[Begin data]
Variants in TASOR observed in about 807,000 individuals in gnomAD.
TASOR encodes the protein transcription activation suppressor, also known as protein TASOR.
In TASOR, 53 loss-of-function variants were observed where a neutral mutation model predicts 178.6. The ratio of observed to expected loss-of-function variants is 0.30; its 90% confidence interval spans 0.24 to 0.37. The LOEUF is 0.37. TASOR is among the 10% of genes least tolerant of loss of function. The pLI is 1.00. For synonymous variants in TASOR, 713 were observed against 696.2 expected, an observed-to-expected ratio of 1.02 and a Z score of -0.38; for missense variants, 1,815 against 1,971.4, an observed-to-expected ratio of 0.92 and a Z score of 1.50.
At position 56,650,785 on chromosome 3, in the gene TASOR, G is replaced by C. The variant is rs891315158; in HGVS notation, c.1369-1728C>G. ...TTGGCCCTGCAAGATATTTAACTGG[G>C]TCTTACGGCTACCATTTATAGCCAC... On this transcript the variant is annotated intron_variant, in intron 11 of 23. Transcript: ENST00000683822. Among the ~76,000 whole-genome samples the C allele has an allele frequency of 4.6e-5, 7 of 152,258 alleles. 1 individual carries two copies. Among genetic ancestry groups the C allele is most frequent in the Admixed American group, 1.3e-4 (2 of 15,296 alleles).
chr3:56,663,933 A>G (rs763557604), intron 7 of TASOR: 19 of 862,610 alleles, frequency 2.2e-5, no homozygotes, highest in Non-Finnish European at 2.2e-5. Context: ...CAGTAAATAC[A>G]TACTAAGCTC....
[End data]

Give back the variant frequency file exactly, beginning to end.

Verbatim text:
Variants in TASOR observed in about 807,000 individuals in gnomAD.
TASOR encodes the protein transcription activation suppressor, also known as protein TASOR.
In TASOR, 53 loss-of-function variants were observed where a neutral mutation model predicts 178.6. The ratio of observed to expected loss-of-function variants is 0.30; its 90% confidence interval spans 0.24 to 0.37. The LOEUF is 0.37. TASOR is among the 10% of genes least tolerant of loss of function. The pLI is 1.00. For synonymous variants in TASOR, 713 were observed against 696.2 expected, an observed-to-expected ratio of 1.02 and a Z score of -0.38; for missense variants, 1,815 against 1,971.4, an observed-to-expected ratio of 0.92 and a Z score of 1.50.
At position 56,650,785 on chromosome 3, in the gene TASOR, G is replaced by C. The variant is rs891315158; in HGVS notation, c.1369-1728C>G. ...TTGGCCCTGCAAGATATTTAACTGG[G>C]TCTTACGGCTACCATTTATAGCCAC... On this transcript the variant is annotated intron_variant, in intron 11 of 23. Transcript: ENST00000683822. Among the ~76,000 whole-genome samples the C allele has an allele frequency of 4.6e-5, 7 of 152,258 alleles. 1 individual carries two copies. Among genetic ancestry groups the C allele is most frequent in the Admixed American group, 1.3e-4 (2 of 15,296 alleles).
chr3:56,663,933 A>G (rs763557604), intron 7 of TASOR: 19 of 862,610 alleles, frequency 2.2e-5, no homozygotes, highest in Non-Finnish European at 2.2e-5. Context: ...CAGTAAATAC[A>G]TACTAAGCTC....